At the local level, TWISA worked with World Bank staff to convince local government officials and service providers to agree on the importance of monitoring systems to improve outcomes in the water and sanitation sector – a challenge as these stakeholders often prioritized funding for infrastructure rather than social accountability (see the experience of our colleagues in The Kyrgyz Republic). TWISA also signed detailed MOUs with the governors of the 5 pilot districts in Kulyab, Voce, Muminabad, Farkhor and Rudaki at project inception. They leveraged local governments’ incentives to respond to a “flood” of demands for improving water access to communities as well as their need to decided on resource allocation over a number of competing service delivery issues, including but not limited to, water and sanitation.
Building a multi-level platform
Nationally, the central mechanism to navigate the long-term route towards problem solving in water and sanitation governance was the creation of a national-level Working Group to develop Service Performance Indicators (WG). The WG brings together key state actors (e.g. Sanitary and Epidemiology Control Agency, Agency for Anti Corruption and Antimonopoly, Agency for Standardization) as well as civil society (e.g. Consumers Union). It has been meeting monthly to advance their individual and collective, immediate and long-term goals around the reform in the sector.
ThisWG, along with brokering and coalition building efforts, became a platform through which TWISA had more chances to give voice to voiceless rural citizens in the design of sectorial systems that often work against them. Its members jointly mapped the multi-level complaints landscape as well as considered how systems’ infrastructure limits responsiveness - rural consumers are lost in finding their solutions to everyday problems with drinking water.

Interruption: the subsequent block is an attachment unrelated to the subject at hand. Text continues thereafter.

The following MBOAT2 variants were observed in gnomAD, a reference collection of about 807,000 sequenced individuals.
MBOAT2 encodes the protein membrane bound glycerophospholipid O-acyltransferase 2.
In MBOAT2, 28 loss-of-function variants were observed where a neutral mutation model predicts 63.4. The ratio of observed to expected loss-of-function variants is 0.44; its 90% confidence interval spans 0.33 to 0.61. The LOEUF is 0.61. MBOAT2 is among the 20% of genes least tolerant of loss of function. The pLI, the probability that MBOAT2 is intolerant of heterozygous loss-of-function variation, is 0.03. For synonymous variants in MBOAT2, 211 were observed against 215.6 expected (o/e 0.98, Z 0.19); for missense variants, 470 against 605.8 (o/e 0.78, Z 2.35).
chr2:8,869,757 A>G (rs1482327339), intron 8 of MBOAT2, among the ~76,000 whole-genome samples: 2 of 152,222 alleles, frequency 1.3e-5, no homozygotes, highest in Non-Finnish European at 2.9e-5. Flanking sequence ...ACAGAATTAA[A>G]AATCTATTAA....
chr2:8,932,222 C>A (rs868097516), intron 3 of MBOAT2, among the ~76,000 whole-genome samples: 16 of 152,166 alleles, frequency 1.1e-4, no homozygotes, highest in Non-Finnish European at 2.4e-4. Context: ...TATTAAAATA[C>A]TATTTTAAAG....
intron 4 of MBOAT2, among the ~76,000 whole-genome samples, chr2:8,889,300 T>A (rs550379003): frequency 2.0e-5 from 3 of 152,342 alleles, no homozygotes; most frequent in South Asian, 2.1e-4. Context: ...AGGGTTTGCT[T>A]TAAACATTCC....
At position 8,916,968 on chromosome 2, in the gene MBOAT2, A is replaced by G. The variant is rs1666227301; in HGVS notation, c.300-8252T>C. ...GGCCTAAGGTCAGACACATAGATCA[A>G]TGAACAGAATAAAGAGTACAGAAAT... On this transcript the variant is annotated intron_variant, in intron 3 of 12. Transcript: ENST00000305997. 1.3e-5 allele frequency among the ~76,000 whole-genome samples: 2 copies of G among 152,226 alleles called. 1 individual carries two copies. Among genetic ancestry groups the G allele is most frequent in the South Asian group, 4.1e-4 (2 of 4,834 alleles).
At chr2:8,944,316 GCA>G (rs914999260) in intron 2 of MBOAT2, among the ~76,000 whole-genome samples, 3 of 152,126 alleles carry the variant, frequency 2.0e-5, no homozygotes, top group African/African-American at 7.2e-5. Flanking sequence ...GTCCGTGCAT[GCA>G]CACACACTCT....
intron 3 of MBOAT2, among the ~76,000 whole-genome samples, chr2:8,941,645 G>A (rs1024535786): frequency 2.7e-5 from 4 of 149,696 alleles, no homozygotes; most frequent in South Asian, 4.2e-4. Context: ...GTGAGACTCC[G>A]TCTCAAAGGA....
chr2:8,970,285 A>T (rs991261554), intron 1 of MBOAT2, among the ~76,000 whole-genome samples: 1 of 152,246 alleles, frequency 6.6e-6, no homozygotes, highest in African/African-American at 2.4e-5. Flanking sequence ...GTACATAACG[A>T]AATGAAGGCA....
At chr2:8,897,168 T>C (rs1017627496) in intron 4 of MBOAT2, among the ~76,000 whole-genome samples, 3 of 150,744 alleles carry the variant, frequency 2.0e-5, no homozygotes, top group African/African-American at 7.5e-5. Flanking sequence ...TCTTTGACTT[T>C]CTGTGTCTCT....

WG members discussed standard service indicators and the entire ‘regulatory compliance’ framework. All these steps helped in co-producing a roadmap for monitoring and evaluating service performance of drinking water service providers in rural areas, including social accountability indicators.
This on-going work has helped TWISA to build legitimacy and visibility at all levels. It has also taught the project important lessons to engage in politically smart collaboration and coordination between the relevant state agencies and civil society. For instance, TWISA learned that service providers are highly reliant on donors for co-financing. Unsurprisingly, when Oxfam approached service providers they were more interested in investments on water and sanitation infrastructure rather than on ‘soft’ components such as participatory monitoring of service provision. A series of discussions with them around how social accountability can yield social and economic benefits turned them into close partners of project.
Achieving multi-level policy changes
TWISA hopes to take advantage of these building blocks as it moves to the next phase of the project, including the collection of information as per the co-designed indicators and the use of that information in decision-making. Initial project analyses and fieldwork also allowed TWISA to better understand some essential gaps and shortcomings in current legislation and regulations in water supply and sanitation. Changing policy is a long and complicated process in Tajikistan. However, the bet continues to be to move gradually, but steadily, with all involved across the sectorial and governance systems and building from the local to the national and on the work done to date.
This blog series will highlight key aspects of conversations between the civil society groups leading the projects and their partners, including World Bank project leaders, partner CSOs, government counterparts and the GPSA’s Capacity Building Team. They offer key lessons about the project’s implementation to date, including some examples of adaptive management and learning for strategic social accountability. Curated by the GPSA Communications and Capacity-Building areas.